In 2015, the Supreme Court of Canada decided that the parts of the criminal code which prohibited Medical Assistance in Dying (MAiD) would have to change. And in June of 2016, federal legislation passed to allow for MAiD. Hospitals, long-term care facilities, primary care providers, and hospices all scrambled to create policies to address this new legislation.
From the beginning, Catholic and other faith-based organizations opted out of providing MAiD and even discussing it with patients, citing “religious reasons.” Hospices, faith-based or not, appear to have opted out of MAiD on a large scale as well — on the surface, for philosophical rather than religious reasons. The Canadian Hospice Palliative Care Association (CHPCA) reports that MAiD is not a part of the practice of hospice palliative care. They go on to indicate that “hospice palliative care and MAiD substantially differ in multiple areas including in philosophy, intention, and approach.”
Dying with Dignity Canada offers an interactive map identifying which healthcare facilities offer MAiD. A quick check of the red facility markers (those disallowing MAiD) shows that many are non-faith-based hospices.
The term ‘hospice’ was introduced in the mid-1800s to describe the care provided to dying patients. The idea of hospice as a place to die was not common until 1967 when the first hospice, St. Christopher’s House, opened. Perhaps the religious background of its founder, Dame Cicely Saunders, has crept into the modern hospice movement, or perhaps there is another reason altogether for the reluctance of hospices to embrace MAiD as an end-of-life alternative for their patients.
Although the hospice movement claims to support an individual’s right to make decisions about the care they receive at the end of life, for many Canadian hospices, MAiD is the exception to the rule. Many hospices refuse to offer MAiD in their facilities. For example, Nipissing Serenity Hospice in Ontario and Delta Hospice in BC both refuse to offer MAiD.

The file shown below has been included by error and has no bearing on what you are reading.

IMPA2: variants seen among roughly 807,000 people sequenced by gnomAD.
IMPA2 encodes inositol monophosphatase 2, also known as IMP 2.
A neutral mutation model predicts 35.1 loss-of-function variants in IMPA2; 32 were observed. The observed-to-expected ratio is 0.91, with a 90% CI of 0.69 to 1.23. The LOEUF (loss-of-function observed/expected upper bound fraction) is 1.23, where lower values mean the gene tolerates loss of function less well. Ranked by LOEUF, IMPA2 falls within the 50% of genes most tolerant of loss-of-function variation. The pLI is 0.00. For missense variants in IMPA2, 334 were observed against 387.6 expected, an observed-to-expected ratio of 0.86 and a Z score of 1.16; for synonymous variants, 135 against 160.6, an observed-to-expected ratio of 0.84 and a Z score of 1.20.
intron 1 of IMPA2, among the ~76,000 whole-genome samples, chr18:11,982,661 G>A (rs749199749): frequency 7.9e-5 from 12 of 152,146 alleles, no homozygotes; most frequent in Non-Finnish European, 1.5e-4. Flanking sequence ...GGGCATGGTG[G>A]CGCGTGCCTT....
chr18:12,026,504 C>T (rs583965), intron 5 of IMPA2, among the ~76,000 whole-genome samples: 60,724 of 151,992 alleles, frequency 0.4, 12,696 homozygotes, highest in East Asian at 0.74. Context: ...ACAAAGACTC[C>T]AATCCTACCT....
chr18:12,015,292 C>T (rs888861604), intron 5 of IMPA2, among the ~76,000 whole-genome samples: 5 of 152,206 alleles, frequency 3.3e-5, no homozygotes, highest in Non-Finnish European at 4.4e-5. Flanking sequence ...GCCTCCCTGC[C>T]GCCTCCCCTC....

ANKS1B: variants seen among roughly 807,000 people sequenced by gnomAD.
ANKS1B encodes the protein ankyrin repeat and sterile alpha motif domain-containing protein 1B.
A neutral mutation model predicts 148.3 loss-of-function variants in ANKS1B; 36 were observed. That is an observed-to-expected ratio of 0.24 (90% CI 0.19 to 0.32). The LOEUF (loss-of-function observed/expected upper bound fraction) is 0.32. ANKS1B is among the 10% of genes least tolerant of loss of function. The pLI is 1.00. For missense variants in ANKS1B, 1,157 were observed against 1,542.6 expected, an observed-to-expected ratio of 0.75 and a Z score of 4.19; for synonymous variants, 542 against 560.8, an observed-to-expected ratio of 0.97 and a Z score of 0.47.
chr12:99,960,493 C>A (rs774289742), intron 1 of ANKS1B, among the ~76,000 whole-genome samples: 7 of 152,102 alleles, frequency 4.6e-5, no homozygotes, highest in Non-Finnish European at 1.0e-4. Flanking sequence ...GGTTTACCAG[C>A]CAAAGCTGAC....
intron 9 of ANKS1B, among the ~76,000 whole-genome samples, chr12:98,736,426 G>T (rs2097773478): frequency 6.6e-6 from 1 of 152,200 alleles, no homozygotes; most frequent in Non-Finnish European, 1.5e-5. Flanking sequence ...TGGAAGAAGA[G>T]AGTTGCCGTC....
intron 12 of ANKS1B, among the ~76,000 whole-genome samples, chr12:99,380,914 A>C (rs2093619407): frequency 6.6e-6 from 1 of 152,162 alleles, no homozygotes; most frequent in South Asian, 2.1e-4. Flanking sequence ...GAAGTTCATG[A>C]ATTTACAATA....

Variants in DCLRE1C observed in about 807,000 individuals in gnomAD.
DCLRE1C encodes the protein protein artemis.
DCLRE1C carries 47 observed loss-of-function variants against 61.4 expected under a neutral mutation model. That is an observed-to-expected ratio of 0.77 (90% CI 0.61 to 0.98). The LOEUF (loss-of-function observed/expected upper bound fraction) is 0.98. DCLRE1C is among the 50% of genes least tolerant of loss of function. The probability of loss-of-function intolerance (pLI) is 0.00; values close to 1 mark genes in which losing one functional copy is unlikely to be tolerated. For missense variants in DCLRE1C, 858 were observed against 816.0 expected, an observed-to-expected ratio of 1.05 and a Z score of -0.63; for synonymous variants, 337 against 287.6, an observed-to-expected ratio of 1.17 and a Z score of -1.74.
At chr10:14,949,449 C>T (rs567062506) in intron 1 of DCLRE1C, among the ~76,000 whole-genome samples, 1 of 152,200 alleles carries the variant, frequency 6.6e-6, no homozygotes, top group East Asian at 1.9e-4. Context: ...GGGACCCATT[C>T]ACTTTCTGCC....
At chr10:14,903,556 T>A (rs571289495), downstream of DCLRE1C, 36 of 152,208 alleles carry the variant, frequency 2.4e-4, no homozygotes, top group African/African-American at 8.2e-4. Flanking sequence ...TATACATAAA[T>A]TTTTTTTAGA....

In the fervor to avoid allowing patient choice about MAiD, Delta Hospice in BC has walked away from government funding, is facing mounting criticism from donors, and at least in one case — Irene Thomas Hospice — is laying off staff.
Although Delta Hospice was not incorporated as a faith-based organization, religion appears to play a starring role in the anti-MAiD decision. It seems that while the organization is not overtly Christian, its directors are. The board of Delta Hospice is accused of “stacking the membership” with people supporting their religious viewpoint, including those living outside their service area, in an attempt to change the society’s constitution to become Christian based.
The Supreme Court of Canada identified MAiD as a human right. The refusal of hospices to allow MAiD is harmful to individuals and to families. A decision to pursue MAiD in a hospice that does not provide it leads to the unnecessary transfer of the patient, causing an increase in suffering and trauma for the dying individual and their family members. For patients contemplating MAiD, the refusal of a hospice to permit it may prevent the patient from accessing hospice care at the end of life. This is a clear indication that the government of Canada has prioritized the rights of a religious group over the rights of Canadians seeking the end of life on their own terms.
A special thank you to Martin Frith, President of Humanist Canada, for providing background information to assist with this article.
Did you know?
- Oregon was the first U.S. state to pass legislation permitting assisted deaths.
- Voters approved Oregon Death with Dignity measure in 1994 by a very slim margin (51.31% to 48.69%).
- The controversial legislation faced numerous court challenges. The first physician assisted death did not take place until 1998.
- As of January 2020, 2,518 Oregonians have received prescriptions for a hastened death, 66% of whom ingested the medications.
- Since 1998, Oregon has released an annual report about the implementation of the Oregon Death with Dignity measure.
- Although CHPCA argues that MAiD is unnecessary as modern palliative care is well able to manage pain, the issue of pain ranked relatively low (based on data from Oregon) on a list of eight end of life concerns.
- The top three reasons people choose to end their lives early are:
- Less able to engage in activities making life enjoyable
- Losing autonomy
- Loss of dignity
Canada’s MAiD legislation came into effect in June 2016. Since then, more Canadian lives have ended through MAiD each year.
The First Annual Report on Medical Assistance in Dying in Canada, 2019 was published in July 2020.
- As of December 31, 2019, a total of 13,946 medically assisted deaths have been reported in Canada, with 5,631 of them taking place in the calendar year 2019.
- MAiD represented 2% of Canadian deaths in 2019.
- BC had the highest proportion of MAiD deaths at 3.3%.
- In Newfoundland and Labrador just 0.3% of deaths were attributed to MAiD.
- In Canada, the top reasons people gave for requesting MAiD were:
- Loss of ability to engage in meaningful life activities (82% of MAiD recipients indicated this was part of their rational for requesting MAiD)
- Loss of ability to perform activities of daily living (78%)
- Inadequate control of symptoms other than pain (or concern about it; 56%)
- Inadequate control of pain (or concern about it; 54%)